One day after grading tech companies on their use of clean energy, a Greenpeace blimp drives home the point for morning commuters in the Bay Area with a fly-by.
Time-lapse footage shows the birth of a brand new kind of blimp at Goodyear’s Wingfoot Lake hangar in Ohio.
The tire company will ply the skies with an all-new zeppelin that will go faster and be more efficient than its current blimps -- and you could name it.
Technically Incorrect: Mocking the Super Bowl media day on behalf of Skittles, Seattle's normally monosyllabic running back offers clues to his tech preferences. A blimp rather than a jetpack, for example.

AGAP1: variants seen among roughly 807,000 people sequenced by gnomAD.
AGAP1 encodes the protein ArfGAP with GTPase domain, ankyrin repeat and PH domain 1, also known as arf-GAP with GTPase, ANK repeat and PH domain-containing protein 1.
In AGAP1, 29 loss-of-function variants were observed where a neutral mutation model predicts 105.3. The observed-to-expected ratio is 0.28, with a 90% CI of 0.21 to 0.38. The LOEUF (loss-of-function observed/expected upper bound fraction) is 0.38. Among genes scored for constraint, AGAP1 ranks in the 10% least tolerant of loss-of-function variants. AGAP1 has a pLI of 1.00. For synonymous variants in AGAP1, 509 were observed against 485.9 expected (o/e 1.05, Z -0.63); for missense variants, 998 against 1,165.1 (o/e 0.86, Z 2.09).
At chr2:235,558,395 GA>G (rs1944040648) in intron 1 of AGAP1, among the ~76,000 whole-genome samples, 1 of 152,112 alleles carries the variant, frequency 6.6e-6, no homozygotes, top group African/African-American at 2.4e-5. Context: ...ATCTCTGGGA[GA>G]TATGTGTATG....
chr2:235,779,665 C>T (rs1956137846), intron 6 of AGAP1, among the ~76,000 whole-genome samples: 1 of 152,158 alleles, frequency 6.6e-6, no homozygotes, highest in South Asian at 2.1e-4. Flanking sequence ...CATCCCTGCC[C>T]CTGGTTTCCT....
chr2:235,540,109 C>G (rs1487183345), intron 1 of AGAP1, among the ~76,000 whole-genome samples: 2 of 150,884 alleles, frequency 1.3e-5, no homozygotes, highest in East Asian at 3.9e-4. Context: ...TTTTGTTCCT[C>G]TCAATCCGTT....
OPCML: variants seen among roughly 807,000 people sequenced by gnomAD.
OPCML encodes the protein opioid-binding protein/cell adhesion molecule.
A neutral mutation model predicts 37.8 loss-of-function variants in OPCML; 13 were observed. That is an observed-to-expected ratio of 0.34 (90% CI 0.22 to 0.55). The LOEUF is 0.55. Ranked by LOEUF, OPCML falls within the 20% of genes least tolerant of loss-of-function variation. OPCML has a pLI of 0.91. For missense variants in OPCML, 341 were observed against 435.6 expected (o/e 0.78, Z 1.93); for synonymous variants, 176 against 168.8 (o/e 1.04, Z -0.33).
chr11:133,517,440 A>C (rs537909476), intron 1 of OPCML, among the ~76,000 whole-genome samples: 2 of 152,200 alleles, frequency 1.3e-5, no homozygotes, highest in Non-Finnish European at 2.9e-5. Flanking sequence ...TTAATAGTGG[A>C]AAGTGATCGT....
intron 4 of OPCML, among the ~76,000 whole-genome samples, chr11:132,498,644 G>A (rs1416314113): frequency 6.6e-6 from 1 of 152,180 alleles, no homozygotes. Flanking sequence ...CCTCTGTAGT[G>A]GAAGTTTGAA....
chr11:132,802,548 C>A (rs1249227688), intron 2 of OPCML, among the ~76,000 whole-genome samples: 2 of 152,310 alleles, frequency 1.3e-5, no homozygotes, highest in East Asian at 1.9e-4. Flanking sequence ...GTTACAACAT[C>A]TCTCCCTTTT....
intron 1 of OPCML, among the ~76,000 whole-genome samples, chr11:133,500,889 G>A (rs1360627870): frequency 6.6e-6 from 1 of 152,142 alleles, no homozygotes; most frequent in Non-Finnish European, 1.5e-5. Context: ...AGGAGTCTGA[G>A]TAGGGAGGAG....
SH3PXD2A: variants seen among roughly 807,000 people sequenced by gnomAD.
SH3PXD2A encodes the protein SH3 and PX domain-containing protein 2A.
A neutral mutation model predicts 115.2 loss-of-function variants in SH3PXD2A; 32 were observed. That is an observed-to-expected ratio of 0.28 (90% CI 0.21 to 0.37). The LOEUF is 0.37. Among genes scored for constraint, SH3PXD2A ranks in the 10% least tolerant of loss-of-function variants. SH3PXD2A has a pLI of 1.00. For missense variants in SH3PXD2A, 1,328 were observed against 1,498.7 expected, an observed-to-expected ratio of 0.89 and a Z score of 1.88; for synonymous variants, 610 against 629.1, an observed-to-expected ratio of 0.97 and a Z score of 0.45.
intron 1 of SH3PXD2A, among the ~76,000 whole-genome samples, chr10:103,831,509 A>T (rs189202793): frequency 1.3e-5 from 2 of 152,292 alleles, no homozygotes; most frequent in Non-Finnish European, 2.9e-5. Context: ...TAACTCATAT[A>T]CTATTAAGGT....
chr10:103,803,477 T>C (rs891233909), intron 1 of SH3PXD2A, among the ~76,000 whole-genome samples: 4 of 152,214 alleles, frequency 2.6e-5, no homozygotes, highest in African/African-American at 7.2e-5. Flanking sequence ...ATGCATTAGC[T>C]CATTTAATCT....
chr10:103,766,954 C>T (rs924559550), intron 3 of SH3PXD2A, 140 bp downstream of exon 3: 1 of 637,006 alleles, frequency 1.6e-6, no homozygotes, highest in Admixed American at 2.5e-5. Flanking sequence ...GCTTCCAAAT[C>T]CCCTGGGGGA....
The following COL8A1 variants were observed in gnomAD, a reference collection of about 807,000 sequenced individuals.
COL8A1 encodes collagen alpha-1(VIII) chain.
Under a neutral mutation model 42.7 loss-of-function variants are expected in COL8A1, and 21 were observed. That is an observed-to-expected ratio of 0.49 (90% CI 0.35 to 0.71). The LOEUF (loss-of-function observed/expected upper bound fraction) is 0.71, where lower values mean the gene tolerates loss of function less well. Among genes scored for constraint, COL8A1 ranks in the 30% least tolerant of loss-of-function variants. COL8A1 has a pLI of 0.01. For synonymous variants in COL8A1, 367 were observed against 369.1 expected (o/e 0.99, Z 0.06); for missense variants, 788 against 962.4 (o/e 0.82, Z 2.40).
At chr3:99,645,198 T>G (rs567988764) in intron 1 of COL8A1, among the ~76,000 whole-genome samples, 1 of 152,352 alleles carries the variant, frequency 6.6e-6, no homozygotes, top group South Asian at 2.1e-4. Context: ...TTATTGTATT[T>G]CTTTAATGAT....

Known as JLENS, a new program that could be deployed by next year aims to protect Washington, D.C., by putting surveillance radar on tethered blimps 10,000 feet overhead.
It may be the most visible working icon in the world. CNET Road Trip 2013 stopped in Akron, Ohio, to see what it takes to get Goodyear's famous blimps to fly.
Visitors to Akron, Ohio, can't help but see the famous airships flying overhead, as they have for a century. CNET Road Trip 2013 checked out their legacy.
The tire giant is building its next generation of Goodyear blimps -- but the new airships won't technically be blimps at all. CNET Road Trip 2013 discovers the secrets behind Goodyear's new fleet.
The tire giant is building three brand-new zeppelins to replace its famous airships. Few have seen the work in progress. But CNET Road Trip 2013 got a sneak peek.
The Web giant is reportedly creating airborne wireless networks to bring Internet access to some of the world's hard-to-reach regions.